I do wonder, however, where one buys a single copy of the APSR, as Russell implores his readers to do. My advice: go to your local college’s library and read it for free.

Citizen Smash: Lobbyist

Dean Esmay points out this interesting post by Citizen Smash, in which he talks to his local congresswoman, Susan Davis, about requiring government contractors to obey the law on the treatment of guardsmen and reservists when they return from active duty, or risk losing their government contracts.

There’s more at Phil Carter’s Intel Dump website:

In an ideal world, we’d have nothing but good corporate citizens, and there’d be no need for this kind of law. Indeed, I believe that most American corporations do the right thing when it comes to their reservist-employees. Yet, there are companies out there that don’t do the right thing, and it adds insult to injury when we allow those companies to profit from taxpayer money.

I concur with Phil: write your representative and your senators and tell them you want them to support this proposal. Better yet: call either their Washington office or local field office.

Keeping up with the Johnses

The Commercial Appeal (reg. required) yesterday took the admirable, if belated, stand that tossing a ton of public money at yet another publicly-funded sports facility wouldn’t be a great idea (at least, not for now). At issue is the deteriorating 1965 Liberty Bowl Memorial Stadium (which dates from prior to my parents’ attendance at then-Memphis State University). The editorial says:

A major overhaul could cost 125 million or more. …

Councilman Rickey Peete suggested spending 5 million for minimal repairs if the work would buy a few more years of use.

The CA endorses the third option. But let’s go look at the benchmark for comparison:

It should be noted that the University of Tennessee’s Neyland Stadium, one of the largest stadiums in the country, has seen 16 renovations since 1921, according to the school’s web site. Renovations apparently have served UT well, since there are enough seats for 104,079 fans.

By comparison, the 62,380-seat Liberty Bowl has been twice renovated since it was built, according to the university.

To the best of my recollection, Neyland’s renovations were financed with money from boosters… and UT, which attracts 100,000 fans per game, needs the space—heck, they could probably sell another 20,000 seats if they had the space to install them. The Liberty Bowl, however, is lucky to attract 30,000 fans per Memphis home game in a typical season: last year, the team set a record by attracting an average of 40,262, a figure skewed by both the presence of the Ole Miss home game on the schedule (which attracted 51,914 fans, many of whom weren’t big Tigers supporters) and the Tigers’ atypically good performance in 2003. Don’t count on more than 35,000 per this year. (Stats from here.)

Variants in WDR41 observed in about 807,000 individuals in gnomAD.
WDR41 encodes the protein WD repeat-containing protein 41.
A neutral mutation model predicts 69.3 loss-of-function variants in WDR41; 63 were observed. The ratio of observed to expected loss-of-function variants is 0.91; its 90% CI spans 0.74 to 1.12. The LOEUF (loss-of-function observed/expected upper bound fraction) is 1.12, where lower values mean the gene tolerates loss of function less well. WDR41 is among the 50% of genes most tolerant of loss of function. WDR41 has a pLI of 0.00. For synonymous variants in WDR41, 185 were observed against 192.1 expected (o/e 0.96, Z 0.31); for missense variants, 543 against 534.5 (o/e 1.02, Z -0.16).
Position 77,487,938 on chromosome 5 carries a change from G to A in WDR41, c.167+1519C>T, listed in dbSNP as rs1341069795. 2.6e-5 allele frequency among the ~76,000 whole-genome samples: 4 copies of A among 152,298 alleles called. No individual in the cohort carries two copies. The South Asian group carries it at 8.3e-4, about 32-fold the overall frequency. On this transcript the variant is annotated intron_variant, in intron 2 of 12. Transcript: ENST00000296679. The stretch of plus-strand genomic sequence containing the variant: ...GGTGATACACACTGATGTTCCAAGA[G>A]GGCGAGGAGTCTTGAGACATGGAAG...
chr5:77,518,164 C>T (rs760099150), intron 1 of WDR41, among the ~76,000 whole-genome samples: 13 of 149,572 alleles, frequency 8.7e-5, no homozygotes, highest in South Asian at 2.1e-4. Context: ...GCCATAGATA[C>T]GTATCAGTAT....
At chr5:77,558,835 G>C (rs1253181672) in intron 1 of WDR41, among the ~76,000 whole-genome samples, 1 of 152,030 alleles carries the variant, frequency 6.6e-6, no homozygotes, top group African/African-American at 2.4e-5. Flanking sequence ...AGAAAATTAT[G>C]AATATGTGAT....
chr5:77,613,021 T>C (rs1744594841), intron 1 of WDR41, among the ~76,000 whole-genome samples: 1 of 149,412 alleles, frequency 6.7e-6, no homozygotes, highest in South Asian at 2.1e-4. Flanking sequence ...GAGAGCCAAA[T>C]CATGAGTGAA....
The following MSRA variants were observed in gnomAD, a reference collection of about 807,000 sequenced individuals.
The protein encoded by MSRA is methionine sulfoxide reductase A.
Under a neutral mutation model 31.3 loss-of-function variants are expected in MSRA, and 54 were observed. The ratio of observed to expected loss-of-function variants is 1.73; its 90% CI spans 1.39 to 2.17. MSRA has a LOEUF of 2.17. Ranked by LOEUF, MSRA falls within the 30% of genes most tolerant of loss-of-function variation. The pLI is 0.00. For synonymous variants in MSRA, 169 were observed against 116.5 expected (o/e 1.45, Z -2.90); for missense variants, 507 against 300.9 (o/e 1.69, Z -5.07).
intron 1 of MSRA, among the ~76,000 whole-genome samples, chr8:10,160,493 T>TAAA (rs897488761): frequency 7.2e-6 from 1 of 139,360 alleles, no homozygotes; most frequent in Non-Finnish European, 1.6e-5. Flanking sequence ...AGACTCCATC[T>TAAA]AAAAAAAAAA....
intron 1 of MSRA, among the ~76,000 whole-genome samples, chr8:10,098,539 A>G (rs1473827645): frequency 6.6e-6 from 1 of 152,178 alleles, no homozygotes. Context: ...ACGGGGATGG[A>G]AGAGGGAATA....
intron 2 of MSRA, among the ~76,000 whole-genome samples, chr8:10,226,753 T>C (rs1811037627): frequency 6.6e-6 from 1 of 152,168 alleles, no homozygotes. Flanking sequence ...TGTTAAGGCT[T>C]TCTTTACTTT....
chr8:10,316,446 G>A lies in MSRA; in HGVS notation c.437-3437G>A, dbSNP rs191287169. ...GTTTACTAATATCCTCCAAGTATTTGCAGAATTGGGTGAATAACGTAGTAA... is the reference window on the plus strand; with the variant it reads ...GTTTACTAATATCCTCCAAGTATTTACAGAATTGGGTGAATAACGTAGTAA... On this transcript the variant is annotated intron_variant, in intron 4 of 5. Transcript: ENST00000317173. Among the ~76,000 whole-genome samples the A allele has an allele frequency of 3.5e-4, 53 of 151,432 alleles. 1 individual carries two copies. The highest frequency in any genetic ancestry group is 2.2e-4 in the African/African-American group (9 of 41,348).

More to the point, the editorial doesn’t mention the real driving force behind a new stadium for the Tigers: keeping up with the Joneses. Or, in their case, keeping up with the Louisville Cardinals and their privately-financed Papa John’s Cardinal Stadium, which manages to seat 42,000 fans in comfort (i.e. still above the realistic attendance level the Tigers can expect regularly) at the bargain price of $65 million—half the estimated cost the CA cites for an all-new stadium. (Louisville’s stadium is actually a “horseshoe” that can eventually be expanded with additional end-zone seating, similar to the current configuration of Ole Miss’ larger 60,580-seat Vaught-Hemingway Stadium, also paid for by private donations.)

Unlike Louisville’s boosters, however, the Highland Hundred want to dig into their fellow citizens’ pockets to pay for their new deluxe stadium. Why shouldn’t they? Michael Heisley, a man with no ties to Memphis at all, was able to schmooze and finagle his way into getting taxpayers to pony up for the FedExForum, leaving the Pyramid (which, admittedly, is a horribly designed basketball arena building) to do nothing except blind passing airline pilots with the reflection from its roof. Now all the Hundred have to figure out is how to shoehorn a football stadium west of Danny Thomas Blvd. and they’ll be all set!

Idiots on parade

Robert Garcia Tagorda helpfully notes the geographic illiteracy of the Republican Congressional Campaign Committee, who somehow managed to include the Philippines and Thailand among a list of countries aiding and abetting terrorists in one of those stupid “fundraising polls” that are included in letters soliciting donors.